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Suppose I set the voltage value of an isolated stimulator with a floating ground. I place one electrode above the spinal cord (positive) and the other placed subcutaneously far away from the spinal cord (negative). The circuitry within the stimulator will operate in such a way that the electrical potential difference between these two electrodes is the value I specify.

The stimulator can fix the electrical potential difference between the two electrodes in multiple ways:

  1. Hold the positive electrode's potential constant while changing the negative electrode's potential.
  2. Hold the negative electrode's potential constant while changing the positive electrode's potential.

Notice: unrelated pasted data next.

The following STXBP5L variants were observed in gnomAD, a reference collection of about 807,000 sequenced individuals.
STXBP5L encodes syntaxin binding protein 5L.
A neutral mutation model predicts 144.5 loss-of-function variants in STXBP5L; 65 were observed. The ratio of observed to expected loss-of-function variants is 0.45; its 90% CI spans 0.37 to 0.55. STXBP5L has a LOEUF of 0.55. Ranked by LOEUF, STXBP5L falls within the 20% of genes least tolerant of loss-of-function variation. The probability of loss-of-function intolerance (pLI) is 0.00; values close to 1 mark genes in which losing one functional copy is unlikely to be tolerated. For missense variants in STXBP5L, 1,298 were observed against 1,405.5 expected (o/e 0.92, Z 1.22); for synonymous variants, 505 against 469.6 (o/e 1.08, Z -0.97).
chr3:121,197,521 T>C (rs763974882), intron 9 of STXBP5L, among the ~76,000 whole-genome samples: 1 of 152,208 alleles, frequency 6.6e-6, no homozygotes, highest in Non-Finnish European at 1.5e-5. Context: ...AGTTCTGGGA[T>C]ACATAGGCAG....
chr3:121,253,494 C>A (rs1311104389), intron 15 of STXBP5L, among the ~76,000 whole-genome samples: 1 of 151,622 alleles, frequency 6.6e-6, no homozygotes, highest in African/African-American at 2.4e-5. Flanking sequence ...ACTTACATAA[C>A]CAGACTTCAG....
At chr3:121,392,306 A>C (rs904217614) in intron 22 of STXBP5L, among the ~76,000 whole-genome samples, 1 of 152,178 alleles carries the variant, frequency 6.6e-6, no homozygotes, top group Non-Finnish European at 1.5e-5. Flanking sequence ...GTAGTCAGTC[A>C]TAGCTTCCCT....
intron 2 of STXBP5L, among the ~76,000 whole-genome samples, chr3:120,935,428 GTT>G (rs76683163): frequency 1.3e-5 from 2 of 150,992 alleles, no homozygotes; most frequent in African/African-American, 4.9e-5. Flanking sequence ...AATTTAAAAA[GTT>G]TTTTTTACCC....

3. Adjusting both electrode potentials using a rule.

Although each of these ways can fix the voltage between the electrodes, they do not have equal effects on the biological environment that the electrodes are placed in. Going back to my example, if the stimulator obeys 1, I would expect a larger effect to be induced local to the spinal cord, in contrast to 2, which would would have a greater effect in the subcutaneous area. This is because there is an initial heterogenous charge distribution.

How should I assume my stimulator is fixing the potential difference between my electrodes?

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Due to charge conservation the effect will be the same independent of your configuration. You can think of this as similar to mass conservation. If you have a pipe submerged on water you can suck water from one extreme or push water in from the other extreme. In the end the flow of water is the same in both sides.

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